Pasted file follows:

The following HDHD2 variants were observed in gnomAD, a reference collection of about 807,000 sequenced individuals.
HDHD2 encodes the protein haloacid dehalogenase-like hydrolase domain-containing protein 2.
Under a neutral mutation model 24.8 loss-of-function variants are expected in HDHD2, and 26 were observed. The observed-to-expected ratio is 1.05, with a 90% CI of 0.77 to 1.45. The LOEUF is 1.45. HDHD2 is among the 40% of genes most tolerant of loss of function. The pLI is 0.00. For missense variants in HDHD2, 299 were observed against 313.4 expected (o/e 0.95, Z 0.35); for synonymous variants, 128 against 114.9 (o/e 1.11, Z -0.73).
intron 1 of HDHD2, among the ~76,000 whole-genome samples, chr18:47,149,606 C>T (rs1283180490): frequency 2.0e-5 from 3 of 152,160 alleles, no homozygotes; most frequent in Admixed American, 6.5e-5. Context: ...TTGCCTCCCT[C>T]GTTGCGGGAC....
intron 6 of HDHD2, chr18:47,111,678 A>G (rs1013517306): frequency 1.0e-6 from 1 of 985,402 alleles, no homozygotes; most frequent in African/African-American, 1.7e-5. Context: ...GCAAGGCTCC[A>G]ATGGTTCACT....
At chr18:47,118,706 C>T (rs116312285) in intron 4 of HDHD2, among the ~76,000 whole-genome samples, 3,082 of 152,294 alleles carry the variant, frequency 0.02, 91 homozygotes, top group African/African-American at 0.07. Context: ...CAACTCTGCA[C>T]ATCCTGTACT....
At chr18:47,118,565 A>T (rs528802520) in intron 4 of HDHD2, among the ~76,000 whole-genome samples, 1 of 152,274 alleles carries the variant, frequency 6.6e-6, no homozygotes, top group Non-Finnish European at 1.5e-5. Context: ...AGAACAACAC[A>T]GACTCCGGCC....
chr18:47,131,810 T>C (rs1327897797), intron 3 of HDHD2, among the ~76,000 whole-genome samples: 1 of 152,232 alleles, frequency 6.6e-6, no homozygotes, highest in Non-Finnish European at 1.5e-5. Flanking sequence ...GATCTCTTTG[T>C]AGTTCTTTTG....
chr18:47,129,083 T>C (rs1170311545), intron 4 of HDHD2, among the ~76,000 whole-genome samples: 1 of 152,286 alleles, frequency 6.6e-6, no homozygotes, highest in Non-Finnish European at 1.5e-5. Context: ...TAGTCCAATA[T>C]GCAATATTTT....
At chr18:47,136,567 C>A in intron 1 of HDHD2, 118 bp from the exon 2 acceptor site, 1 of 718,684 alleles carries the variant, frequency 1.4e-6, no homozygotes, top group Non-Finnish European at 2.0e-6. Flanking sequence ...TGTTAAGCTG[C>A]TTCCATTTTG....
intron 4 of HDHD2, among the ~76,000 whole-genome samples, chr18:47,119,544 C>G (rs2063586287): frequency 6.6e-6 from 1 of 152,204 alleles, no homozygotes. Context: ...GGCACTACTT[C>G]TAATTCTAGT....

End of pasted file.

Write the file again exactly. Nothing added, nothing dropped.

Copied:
The following HDHD2 variants were observed in gnomAD, a reference collection of about 807,000 sequenced individuals.
HDHD2 encodes the protein haloacid dehalogenase-like hydrolase domain-containing protein 2.
Under a neutral mutation model 24.8 loss-of-function variants are expected in HDHD2, and 26 were observed. The observed-to-expected ratio is 1.05, with a 90% CI of 0.77 to 1.45. The LOEUF is 1.45. HDHD2 is among the 40% of genes most tolerant of loss of function. The pLI is 0.00. For missense variants in HDHD2, 299 were observed against 313.4 expected (o/e 0.95, Z 0.35); for synonymous variants, 128 against 114.9 (o/e 1.11, Z -0.73).
intron 1 of HDHD2, among the ~76,000 whole-genome samples, chr18:47,149,606 C>T (rs1283180490): frequency 2.0e-5 from 3 of 152,160 alleles, no homozygotes; most frequent in Admixed American, 6.5e-5. Context: ...TTGCCTCCCT[C>T]GTTGCGGGAC....
intron 6 of HDHD2, chr18:47,111,678 A>G (rs1013517306): frequency 1.0e-6 from 1 of 985,402 alleles, no homozygotes; most frequent in African/African-American, 1.7e-5. Context: ...GCAAGGCTCC[A>G]ATGGTTCACT....
At chr18:47,118,706 C>T (rs116312285) in intron 4 of HDHD2, among the ~76,000 whole-genome samples, 3,082 of 152,294 alleles carry the variant, frequency 0.02, 91 homozygotes, top group African/African-American at 0.07. Context: ...CAACTCTGCA[C>T]ATCCTGTACT....
At chr18:47,118,565 A>T (rs528802520) in intron 4 of HDHD2, among the ~76,000 whole-genome samples, 1 of 152,274 alleles carries the variant, frequency 6.6e-6, no homozygotes, top group Non-Finnish European at 1.5e-5. Context: ...AGAACAACAC[A>T]GACTCCGGCC....
chr18:47,131,810 T>C (rs1327897797), intron 3 of HDHD2, among the ~76,000 whole-genome samples: 1 of 152,232 alleles, frequency 6.6e-6, no homozygotes, highest in Non-Finnish European at 1.5e-5. Flanking sequence ...GATCTCTTTG[T>C]AGTTCTTTTG....
chr18:47,129,083 T>C (rs1170311545), intron 4 of HDHD2, among the ~76,000 whole-genome samples: 1 of 152,286 alleles, frequency 6.6e-6, no homozygotes, highest in Non-Finnish European at 1.5e-5. Context: ...TAGTCCAATA[T>C]GCAATATTTT....
At chr18:47,136,567 C>A in intron 1 of HDHD2, 118 bp from the exon 2 acceptor site, 1 of 718,684 alleles carries the variant, frequency 1.4e-6, no homozygotes, top group Non-Finnish European at 2.0e-6. Flanking sequence ...TGTTAAGCTG[C>A]TTCCATTTTG....
intron 4 of HDHD2, among the ~76,000 whole-genome samples, chr18:47,119,544 C>G (rs2063586287): frequency 6.6e-6 from 1 of 152,204 alleles, no homozygotes. Context: ...GGCACTACTT[C>G]TAATTCTAGT....